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RBL Bank aims to grow retail with new products, cut back on wholesale book

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RBL Bank turned shaky a few years ago and the regulator intervened by nominating one of its members to its board of directors to boost sagging confidence. In a management shakeout, the CEO was replaced. The new CEO, R Subramaniakumar, details the proposed turnaround and the lender’s strategic thrust in a conversation with Sangita Mehta and MC Govardhana Rangan. Edited excerpts:

A few years ago, there were doubts about the survival of the bank. What was your strategy that pulled it back from the brink?

Two episodes happened in the bank’s history, as far as the balance sheet is concerned. One was with respect to some of these four to five big loans that have defaulted, and the second was the pandemic. Having realised the risk we had to introduce new products and services. Products like housing loans and loans against property are going to help us have a long-term relationship with the customer. Plus, it is going to bring some sort of stability to the balance sheet. So, the first strategy was the introduction of multiple retail asset products. The second big change was the exploitation of the distribution network of 500-plus branches. These were majorly focusing on liabilities only sourcing deposits. So we said these distribution arms can be leveraged for selling retail loans too.So, what is the next phase?
We are launching multiple products in respect of assets and we want the branches to build the assets. All these products will be used for acquiring the customer. Our probability of acquiring him is limited if we don’t have products lined up. If somebody wants an education loan and we don’t have it, he will go to another bank and probably take deposits too. So retaining liability without a corresponding product is going to be a challenge.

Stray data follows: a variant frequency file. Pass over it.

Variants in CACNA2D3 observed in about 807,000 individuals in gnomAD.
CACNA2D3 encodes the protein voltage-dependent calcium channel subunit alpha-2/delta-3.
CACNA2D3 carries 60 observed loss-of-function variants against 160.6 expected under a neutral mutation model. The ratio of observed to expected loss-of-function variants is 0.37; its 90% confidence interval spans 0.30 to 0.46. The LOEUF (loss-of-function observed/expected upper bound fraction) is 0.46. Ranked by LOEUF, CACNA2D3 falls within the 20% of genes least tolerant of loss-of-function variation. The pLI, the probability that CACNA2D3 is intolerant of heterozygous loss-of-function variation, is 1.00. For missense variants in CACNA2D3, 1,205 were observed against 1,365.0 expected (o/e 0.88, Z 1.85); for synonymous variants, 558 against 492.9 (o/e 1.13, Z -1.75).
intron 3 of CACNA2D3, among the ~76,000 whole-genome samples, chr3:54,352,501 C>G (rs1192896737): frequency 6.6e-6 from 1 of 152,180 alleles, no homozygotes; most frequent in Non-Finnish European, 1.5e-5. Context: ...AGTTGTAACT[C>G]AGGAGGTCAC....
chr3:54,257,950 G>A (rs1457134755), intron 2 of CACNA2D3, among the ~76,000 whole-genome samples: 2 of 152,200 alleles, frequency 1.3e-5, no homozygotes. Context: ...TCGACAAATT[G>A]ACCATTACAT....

One of the factors was big corporate exposure. Has anything changed there?
The other big change which has been brought in is we wanted to reduce our ability to cut a high-value cheque. So what we did within the wholesale was looking at those kinds of products like SMEs, where the need for the loan will be around ₹30 crore to ₹50 crore and less. We started looking into multiple such accounts rather than one account. But within that wholesale book, we expect that our commercial loan will start growing. Last quarter and previous quarters our commercial loans to SMEs grew in the range of 15-17%. There one change we have made is derisking the balance sheet to some extent and diversifying. With that change, that space gets vacated for expanding retail which has a higher margin than wholesale.

Retail is quite vast. Where is RBL’s focus?
We wanted to leverage the customers whom we have been acquiring through credit cards. Today, we have 5 million customers in credit cards, 2.5 million in microfinance, and 1.5 million in liabilities. We have a very big payment space, which has a large volume of approximately 7 million customer transactions. Previously, we were dealing with them on one-on-one products. Now we wanted to deal with them for multiple products. So we are reaching out to customers. That is one big change which has been done now and you will see benefits in FY25.Your profitability is very high with a net interest margin of around 5.5%. With rising costs, how tough is it to sustain?